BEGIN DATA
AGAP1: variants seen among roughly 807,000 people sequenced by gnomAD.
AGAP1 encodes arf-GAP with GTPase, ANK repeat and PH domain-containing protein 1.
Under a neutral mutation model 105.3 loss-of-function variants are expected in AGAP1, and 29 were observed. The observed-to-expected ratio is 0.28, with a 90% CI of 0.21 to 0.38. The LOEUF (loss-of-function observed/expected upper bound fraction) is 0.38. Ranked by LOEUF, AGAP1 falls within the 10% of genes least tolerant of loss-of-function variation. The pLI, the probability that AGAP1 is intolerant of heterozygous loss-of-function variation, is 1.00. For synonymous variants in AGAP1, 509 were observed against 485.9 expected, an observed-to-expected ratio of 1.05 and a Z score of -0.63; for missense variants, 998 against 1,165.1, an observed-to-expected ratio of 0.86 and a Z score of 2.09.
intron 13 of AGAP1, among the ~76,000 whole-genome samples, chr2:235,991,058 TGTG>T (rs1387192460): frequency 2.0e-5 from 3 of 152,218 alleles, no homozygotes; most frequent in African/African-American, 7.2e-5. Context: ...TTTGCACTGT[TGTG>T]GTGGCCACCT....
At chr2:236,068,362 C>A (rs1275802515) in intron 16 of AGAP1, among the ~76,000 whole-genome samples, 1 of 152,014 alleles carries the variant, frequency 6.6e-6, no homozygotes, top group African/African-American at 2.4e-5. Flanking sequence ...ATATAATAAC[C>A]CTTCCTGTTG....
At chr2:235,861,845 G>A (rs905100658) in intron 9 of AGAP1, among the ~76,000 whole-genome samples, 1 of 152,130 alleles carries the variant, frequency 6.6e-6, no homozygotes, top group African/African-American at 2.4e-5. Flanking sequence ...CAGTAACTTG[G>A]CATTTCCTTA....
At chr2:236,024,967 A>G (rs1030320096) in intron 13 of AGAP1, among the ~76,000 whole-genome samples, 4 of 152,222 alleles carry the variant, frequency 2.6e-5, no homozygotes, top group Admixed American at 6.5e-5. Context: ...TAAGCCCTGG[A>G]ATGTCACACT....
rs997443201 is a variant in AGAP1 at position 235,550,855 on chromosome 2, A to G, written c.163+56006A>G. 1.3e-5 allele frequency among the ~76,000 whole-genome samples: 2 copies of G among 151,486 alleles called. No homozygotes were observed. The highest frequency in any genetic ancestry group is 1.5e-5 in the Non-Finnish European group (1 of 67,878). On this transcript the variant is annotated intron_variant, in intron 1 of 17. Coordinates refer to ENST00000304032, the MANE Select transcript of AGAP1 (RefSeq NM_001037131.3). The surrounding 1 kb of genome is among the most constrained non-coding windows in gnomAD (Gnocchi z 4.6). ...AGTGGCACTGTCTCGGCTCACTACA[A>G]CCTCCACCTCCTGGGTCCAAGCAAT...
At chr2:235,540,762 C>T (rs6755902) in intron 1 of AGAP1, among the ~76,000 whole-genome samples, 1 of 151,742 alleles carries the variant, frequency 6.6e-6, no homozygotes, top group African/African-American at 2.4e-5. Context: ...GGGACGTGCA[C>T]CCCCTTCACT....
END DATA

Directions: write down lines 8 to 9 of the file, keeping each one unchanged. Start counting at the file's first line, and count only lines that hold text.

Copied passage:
rs997443201 is a variant in AGAP1 at position 235,550,855 on chromosome 2, A to G, written c.163+56006A>G. 1.3e-5 allele frequency among the ~76,000 whole-genome samples: 2 copies of G among 151,486 alleles called. No homozygotes were observed. The highest frequency in any genetic ancestry group is 1.5e-5 in the Non-Finnish European group (1 of 67,878). On this transcript the variant is annotated intron_variant, in intron 1 of 17. Coordinates refer to ENST00000304032, the MANE Select transcript of AGAP1 (RefSeq NM_001037131.3). The surrounding 1 kb of genome is among the most constrained non-coding windows in gnomAD (Gnocchi z 4.6). ...AGTGGCACTGTCTCGGCTCACTACA[A>G]CCTCCACCTCCTGGGTCCAAGCAAT...
At chr2:235,540,762 C>T (rs6755902) in intron 1 of AGAP1, among the ~76,000 whole-genome samples, 1 of 151,742 alleles carries the variant, frequency 6.6e-6, no homozygotes, top group African/African-American at 2.4e-5. Context: ...GGGACGTGCA[C>T]CCCCTTCACT....